I provided a comment to The Australian about the latest car incidents induced by Pokemon Go

There seems to be an ongoing trend of motorists causing accidents on the roads due to the driver playing Pokemon Go and not watching the roads.

Why this is even a thing, I don’t know. If you’re driving, don’t bloody use your phone to text, Snapchat, or play Pokemon Go. It’s not difficult.

The Australian newspaper had a chat with an insurance company who said these incidents would void any claims made by the driver. It was good advice. But then the spokesperson started going all Pokemon Go in the story and recommended using public transport to track a Snorlax and Tyranitar (#248). Lol, Pokemon Go only has the original 150 Pokemon… and you can’t use public transport because the Snorlax might not be on the route.

That’s probably why I was asked to provide a comment — from the perspective of a Pokemon Go player.

Here’s the part about me (forever immortalised as a Level 26 Pokemon Go player):

Tech enthusiast and level 26 Pokemon Go player Matthew Wu told The Australian one of the gameplay mechanics of Pokemon Go is the requirement for players to move in order to hatch eggs and to find Pokemon more frequently.

“This is only one part of playing the game; catching a Pidgey or Charmander isn’t life or death, but paying attention to the roads and surroundings definitely is,” he said.

“If you look at the bigger picture, this situation isn’t unique to Pokemon Go players. Motorists today are still texting, tweeting, and Snapchating from their phones while driving and incidents are unfortunately happening.

“The main lesson here is if you’re driving on the roads, don’t use your phone; it’s not just illegal, it’s the fact that there is more than one life that’s impacted by road accidents.”

You can read the full article on The Australian here and remember, if you’re driving, get your hand off it.

BONUS: I saw a great print ad yesterday by Lebanese road safety organisation, YASA,  that conveyed the same message:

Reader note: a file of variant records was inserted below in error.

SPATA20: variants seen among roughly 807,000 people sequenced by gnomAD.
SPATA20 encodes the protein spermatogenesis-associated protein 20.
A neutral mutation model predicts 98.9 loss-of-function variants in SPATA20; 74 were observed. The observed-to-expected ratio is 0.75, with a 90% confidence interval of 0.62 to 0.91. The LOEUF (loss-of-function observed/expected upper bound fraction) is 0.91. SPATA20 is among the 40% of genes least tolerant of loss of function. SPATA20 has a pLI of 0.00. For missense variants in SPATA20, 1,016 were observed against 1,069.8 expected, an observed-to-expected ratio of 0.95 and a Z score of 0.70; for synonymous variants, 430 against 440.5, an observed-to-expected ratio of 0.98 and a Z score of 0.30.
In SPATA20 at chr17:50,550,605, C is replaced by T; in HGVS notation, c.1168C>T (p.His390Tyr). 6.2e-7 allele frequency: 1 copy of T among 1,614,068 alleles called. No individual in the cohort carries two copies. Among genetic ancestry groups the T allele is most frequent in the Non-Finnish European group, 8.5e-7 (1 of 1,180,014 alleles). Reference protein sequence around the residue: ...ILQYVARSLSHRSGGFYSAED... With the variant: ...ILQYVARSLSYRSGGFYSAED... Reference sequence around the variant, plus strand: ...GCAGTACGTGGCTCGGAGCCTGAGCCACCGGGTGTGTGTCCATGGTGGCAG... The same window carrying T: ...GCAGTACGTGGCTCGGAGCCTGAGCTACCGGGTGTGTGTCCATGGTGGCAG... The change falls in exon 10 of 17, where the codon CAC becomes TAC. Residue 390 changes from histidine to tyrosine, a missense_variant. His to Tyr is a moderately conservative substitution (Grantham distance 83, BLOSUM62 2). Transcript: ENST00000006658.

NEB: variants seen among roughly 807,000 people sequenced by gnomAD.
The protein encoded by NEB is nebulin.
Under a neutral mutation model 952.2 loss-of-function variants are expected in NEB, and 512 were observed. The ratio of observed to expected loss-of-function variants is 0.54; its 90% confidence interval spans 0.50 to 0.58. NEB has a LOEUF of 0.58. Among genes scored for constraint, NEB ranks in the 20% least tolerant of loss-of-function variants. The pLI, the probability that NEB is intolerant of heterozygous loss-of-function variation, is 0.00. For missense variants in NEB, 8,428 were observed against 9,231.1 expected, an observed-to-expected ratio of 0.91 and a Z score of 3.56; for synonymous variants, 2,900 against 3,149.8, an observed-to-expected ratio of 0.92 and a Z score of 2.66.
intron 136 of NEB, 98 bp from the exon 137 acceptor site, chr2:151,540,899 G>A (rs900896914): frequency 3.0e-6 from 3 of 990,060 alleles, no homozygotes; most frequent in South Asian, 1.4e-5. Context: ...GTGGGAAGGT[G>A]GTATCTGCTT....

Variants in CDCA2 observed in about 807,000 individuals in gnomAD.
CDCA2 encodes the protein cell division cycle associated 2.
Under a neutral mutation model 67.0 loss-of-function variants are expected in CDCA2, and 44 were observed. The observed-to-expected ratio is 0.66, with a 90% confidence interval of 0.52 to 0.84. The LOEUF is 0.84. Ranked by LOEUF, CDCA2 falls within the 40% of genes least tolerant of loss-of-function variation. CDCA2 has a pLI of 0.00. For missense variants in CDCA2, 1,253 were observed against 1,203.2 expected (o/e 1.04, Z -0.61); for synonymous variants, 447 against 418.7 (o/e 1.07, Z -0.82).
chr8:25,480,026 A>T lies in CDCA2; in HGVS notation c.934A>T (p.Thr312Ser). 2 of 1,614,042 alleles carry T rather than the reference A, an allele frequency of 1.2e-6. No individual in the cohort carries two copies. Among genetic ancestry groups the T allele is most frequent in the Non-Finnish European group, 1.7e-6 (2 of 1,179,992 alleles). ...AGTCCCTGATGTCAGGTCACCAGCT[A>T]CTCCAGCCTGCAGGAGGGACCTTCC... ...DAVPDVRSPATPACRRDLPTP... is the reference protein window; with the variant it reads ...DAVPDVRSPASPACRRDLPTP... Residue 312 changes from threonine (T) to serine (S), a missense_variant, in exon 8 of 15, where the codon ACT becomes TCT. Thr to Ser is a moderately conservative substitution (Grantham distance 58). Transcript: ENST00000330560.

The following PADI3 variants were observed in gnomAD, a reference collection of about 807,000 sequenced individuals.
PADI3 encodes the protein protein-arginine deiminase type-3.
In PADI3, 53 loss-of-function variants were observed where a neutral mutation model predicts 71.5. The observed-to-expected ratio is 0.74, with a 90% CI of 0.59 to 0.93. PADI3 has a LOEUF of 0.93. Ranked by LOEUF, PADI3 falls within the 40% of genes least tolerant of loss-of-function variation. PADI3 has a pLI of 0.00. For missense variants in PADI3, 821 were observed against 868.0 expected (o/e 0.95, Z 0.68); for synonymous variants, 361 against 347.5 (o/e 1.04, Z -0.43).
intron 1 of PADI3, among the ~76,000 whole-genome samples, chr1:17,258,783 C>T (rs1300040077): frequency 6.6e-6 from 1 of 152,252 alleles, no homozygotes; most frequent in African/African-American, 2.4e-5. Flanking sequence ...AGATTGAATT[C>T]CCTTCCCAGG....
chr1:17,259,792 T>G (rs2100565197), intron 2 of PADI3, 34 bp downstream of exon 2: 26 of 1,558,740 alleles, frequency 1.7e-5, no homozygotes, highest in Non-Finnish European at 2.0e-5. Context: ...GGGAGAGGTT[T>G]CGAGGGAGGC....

UPDATE: Seems like Starts at 60, an Aussie online news and commentary website for active over 60s, has used my comments for their piece too, titled: Why Pokemon Go could end up costing you money even if you don’t play.

On the day of Cursed Child’s global release, this is how I was introduced to the Harry Potter world

A good way to spend Sunday, I think.

I’ll always remember the day I was introduced to the wizarding world.

A Year 5 Matthew Wu studying at a co-ed primary school in the South West of Sydney.

Everyone was scared of the library teacher that resided there. She was strict about not letting kids inside if their hands were dirty; she used to be at the library entrance every recess and lunch.

The guard of the library ensured no kid could damage the books by sliding her time-worn fingers against your presented palms 👐

She knew I loved reading books.

Deltora’s Quest, Goosebumps, geography and history books about wars and Ancient Egypt … Picture books … books with only words — the library had everything an 11 year old kid would want.

One day she thrusted a thick book into my hands.

“Read this,” she said. “Trust me, you’ll like it.”

So I gave her my library card and I had the book for two weeks.

I consumed that book in less than one. I sped through the next one in its series.

She was right. I loved the Harry Potter world.

The third and fourth book wouldn’t be coming out for another few months so I had to wait.

Back then, the series didn’t have the fanfare that it’s had over the last decade. No one knew Harry Potter. Heck — I didn’t even know what a wizard even was.#HipsterPreTeenMattWu

I remember the day she told me the third and fourth book was out (it was released at the same time). It was a great day.